at least one ejection nozzle array including plural ejection nozzles for ejecting liquid;
a pickup device for photographing said ejection nozzles in said ejection nozzle array, to output image data;
an analyzer for storing reference image data, and for outputting analysis result information according to said image data and said reference image data; and
a determining unit for judging whether an ejecting state of said ejection nozzles is acceptable or unacceptable according to said analysis result information; and
a control unit for moving one of said ejection nozzle array and said recording material relative to a remaining one thereof at a small adjusting shifted amount in said first scan direction, said adjusting shifted amount being equal to a pitch between an unacceptable nozzle of which said unacceptable state is judged among said ejection nozzles and an acceptable nozzle close thereto and of which said acceptable state is judged among said ejection nozzles, said control unit causing said acceptable nozzle to eject said liquid instead of said unacceptable nozzle, so as to compensate for lowering of image quality due to said unacceptable state,
wherein said liquid is ink, and said ejection nozzle array comprises a printhead of an ink jet type adapted to image recording to recording material and extending in a first scan direction.
Description
BACKGROUND OF THE INVENTION

1. Field of the Invention

The present invention relates to a liquid ejection inspecting method, liquid ejection inspector and image forming apparatus. More particularly, the present invention relates to a liquid ejection inspecting method and liquid ejection inspector in which inspection of liquid ejection to check failure can be effected efficiently without waste of consumables, and an image forming apparatus for use with the liquid.

2. Description Related to the Prior Art

An ink jet printer is known as an image forming apparatus. A printhead includes an ink reservoir for storing ink. Ejection nozzles are connected with the ink reservoir, and caused by an ink supply unit to eject the ink to print an image on a recording medium. The ink jet printer of the type known so far has problems in that ink is dried and deposited on the inside of the ejection nozzles, or that the surplus ink may be scattered by the recording medium, and come back to and deposit on a surface of the printhead, to cause jamming of ink.

When jamming of ink occurs, there is ejection failure in which an amount of ejected ink decreases, or comes down to zero. Unevenness in the density or colors occurs in a streak shape in a recorded image, to lower the image quality remarkably. Therefore, it is necessary in an ink jet printer to detect the ejection failure at the ejection nozzles, and to eliminate the ejection failure in the case of occurrence.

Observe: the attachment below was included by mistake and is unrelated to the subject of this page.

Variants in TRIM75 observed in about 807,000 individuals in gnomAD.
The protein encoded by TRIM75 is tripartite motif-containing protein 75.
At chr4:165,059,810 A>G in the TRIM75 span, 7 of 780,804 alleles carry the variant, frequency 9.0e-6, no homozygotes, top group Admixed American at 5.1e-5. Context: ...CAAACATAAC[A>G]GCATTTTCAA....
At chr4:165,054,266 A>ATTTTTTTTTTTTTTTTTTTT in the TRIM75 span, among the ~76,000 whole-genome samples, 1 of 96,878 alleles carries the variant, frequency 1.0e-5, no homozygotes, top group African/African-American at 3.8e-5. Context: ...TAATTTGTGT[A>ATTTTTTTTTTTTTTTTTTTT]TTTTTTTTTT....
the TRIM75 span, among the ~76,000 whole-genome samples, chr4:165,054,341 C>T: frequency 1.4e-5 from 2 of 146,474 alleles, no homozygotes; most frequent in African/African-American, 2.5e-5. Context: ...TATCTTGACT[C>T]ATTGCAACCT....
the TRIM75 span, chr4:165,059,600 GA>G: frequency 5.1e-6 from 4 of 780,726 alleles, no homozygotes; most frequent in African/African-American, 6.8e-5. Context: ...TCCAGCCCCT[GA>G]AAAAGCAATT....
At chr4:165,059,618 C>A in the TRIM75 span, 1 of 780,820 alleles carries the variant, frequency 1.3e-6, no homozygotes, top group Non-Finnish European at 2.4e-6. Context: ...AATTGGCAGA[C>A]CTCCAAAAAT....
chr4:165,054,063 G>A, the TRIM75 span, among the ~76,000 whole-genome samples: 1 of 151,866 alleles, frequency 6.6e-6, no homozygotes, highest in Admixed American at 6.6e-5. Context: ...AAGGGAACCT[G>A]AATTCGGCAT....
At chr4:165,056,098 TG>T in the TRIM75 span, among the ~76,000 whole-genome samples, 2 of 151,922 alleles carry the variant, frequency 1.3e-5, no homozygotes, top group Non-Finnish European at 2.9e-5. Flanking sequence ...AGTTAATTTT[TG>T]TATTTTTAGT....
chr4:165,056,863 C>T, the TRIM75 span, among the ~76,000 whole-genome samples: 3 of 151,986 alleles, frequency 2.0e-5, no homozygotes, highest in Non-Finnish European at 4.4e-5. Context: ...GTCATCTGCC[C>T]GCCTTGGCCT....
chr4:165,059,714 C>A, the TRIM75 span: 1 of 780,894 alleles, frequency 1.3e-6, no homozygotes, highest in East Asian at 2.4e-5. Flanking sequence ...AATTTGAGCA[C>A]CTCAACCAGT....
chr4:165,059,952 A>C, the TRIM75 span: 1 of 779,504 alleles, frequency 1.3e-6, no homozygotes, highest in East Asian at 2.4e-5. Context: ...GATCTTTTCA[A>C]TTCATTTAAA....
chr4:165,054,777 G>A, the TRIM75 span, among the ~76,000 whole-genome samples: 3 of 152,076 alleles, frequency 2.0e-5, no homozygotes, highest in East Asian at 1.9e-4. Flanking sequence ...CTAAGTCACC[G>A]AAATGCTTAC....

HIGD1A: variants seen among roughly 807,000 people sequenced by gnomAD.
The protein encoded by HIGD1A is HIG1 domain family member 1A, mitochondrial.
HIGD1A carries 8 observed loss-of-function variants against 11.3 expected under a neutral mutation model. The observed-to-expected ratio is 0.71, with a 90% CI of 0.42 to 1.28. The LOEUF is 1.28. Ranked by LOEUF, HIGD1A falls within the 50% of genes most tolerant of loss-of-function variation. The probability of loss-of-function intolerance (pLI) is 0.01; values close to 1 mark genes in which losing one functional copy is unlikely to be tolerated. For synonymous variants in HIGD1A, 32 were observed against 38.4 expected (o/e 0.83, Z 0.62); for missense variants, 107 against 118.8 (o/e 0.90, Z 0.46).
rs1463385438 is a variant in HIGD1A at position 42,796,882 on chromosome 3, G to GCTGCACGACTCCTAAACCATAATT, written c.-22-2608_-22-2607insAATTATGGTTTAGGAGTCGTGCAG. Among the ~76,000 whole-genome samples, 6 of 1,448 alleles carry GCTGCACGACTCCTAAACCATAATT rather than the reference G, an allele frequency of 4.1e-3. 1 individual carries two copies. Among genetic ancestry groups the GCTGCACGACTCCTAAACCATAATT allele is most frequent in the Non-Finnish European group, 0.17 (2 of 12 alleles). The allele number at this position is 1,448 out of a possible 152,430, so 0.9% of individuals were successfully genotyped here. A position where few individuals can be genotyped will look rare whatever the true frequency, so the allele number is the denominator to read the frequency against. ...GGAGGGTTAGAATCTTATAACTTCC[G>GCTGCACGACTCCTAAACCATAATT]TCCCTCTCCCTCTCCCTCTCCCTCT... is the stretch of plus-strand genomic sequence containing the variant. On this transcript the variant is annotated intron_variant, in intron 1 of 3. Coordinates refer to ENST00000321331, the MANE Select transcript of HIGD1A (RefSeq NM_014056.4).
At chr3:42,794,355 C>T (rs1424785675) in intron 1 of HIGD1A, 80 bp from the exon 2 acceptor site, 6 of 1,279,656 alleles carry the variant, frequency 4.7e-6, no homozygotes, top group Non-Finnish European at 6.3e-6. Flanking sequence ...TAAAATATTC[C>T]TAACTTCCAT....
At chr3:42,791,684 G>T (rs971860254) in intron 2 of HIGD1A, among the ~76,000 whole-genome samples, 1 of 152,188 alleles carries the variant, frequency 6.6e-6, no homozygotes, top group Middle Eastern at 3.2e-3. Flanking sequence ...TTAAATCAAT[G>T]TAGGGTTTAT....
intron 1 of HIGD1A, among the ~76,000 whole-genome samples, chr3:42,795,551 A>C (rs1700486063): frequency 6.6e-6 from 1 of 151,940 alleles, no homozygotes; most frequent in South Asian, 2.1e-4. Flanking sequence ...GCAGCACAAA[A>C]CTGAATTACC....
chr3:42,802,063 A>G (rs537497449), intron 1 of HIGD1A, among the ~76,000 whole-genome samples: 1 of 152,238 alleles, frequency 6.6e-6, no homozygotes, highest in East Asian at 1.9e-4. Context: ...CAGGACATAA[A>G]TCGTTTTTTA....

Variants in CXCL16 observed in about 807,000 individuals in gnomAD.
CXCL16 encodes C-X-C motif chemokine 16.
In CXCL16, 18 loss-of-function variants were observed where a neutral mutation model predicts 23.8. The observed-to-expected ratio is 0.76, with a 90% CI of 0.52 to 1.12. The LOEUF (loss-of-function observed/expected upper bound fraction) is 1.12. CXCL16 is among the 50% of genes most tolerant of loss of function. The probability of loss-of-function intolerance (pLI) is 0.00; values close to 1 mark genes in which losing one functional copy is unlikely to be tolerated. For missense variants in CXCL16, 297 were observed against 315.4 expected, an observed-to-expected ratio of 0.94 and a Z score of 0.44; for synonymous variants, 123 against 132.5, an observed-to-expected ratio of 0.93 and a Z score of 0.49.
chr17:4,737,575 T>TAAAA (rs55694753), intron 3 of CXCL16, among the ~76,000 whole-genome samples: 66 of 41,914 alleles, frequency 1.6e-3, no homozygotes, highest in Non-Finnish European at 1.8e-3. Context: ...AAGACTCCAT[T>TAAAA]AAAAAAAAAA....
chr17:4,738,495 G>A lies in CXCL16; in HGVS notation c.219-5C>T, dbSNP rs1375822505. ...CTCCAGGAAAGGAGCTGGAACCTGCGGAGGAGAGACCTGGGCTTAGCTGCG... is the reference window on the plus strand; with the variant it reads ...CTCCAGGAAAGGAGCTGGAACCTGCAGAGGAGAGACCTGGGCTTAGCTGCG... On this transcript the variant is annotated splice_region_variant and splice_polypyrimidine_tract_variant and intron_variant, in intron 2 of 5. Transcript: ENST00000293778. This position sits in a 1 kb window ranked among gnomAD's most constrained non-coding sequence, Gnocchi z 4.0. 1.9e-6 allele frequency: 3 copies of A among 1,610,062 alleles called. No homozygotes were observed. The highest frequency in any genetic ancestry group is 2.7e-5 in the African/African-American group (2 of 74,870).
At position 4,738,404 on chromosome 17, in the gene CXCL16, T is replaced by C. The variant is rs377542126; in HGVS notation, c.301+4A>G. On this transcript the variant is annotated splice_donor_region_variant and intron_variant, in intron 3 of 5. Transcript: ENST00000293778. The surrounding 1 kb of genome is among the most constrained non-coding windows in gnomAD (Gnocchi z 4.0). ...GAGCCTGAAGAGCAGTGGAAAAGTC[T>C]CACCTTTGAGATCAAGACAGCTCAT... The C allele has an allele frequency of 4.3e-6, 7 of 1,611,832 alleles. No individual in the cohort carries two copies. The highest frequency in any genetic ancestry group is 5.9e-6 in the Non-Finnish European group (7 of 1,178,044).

To check the ejection failure, various methods are known. JP-A 8-332736 and 11-078051 disclose test printing to eject test ink to the recording medium and inspection of the shape and arrangement of droplets of the ink. JP-A 11-192726, EP-A 1059172 (corresponding to JP-A 2001-054954), and JP-A 2001-063083 disclose methods in which droplets of test ink are ejected, a beam of laser or other electromagnetic rays is applied to the droplets, to detect a shielded state of the beam at the droplets.

However, those known techniques have problems. In the first of those methods, a test pattern must be recorded together with a target image without any relation. Also, ink for test printing is required in a wasteful manner. A space in the recording medium for receiving droplets of the ink is required for the test printing. In the second of those methods, the same problem occurs in ink for test printing is required in a wasteful manner. Specifically, density in image recording has been higher in recent techniques for printing. The number of the ejection nozzles as arranged in the printhead has been high. This causes a shortcoming in requirement of much time for the detecting the ejection failure. If the ejection failure is checked in the course of the printing, productivity or efficiency in the printing becomes lower.

SUMMARY OF THE INVENTION

In view of the foregoing problems, an object of the present invention is to provide a liquid ejection inspecting method and liquid ejection inspector in which inspection of liquid ejection to check failure can be effected rapidly and efficiently without waste of consumables, and an image forming apparatus for use with the liquid.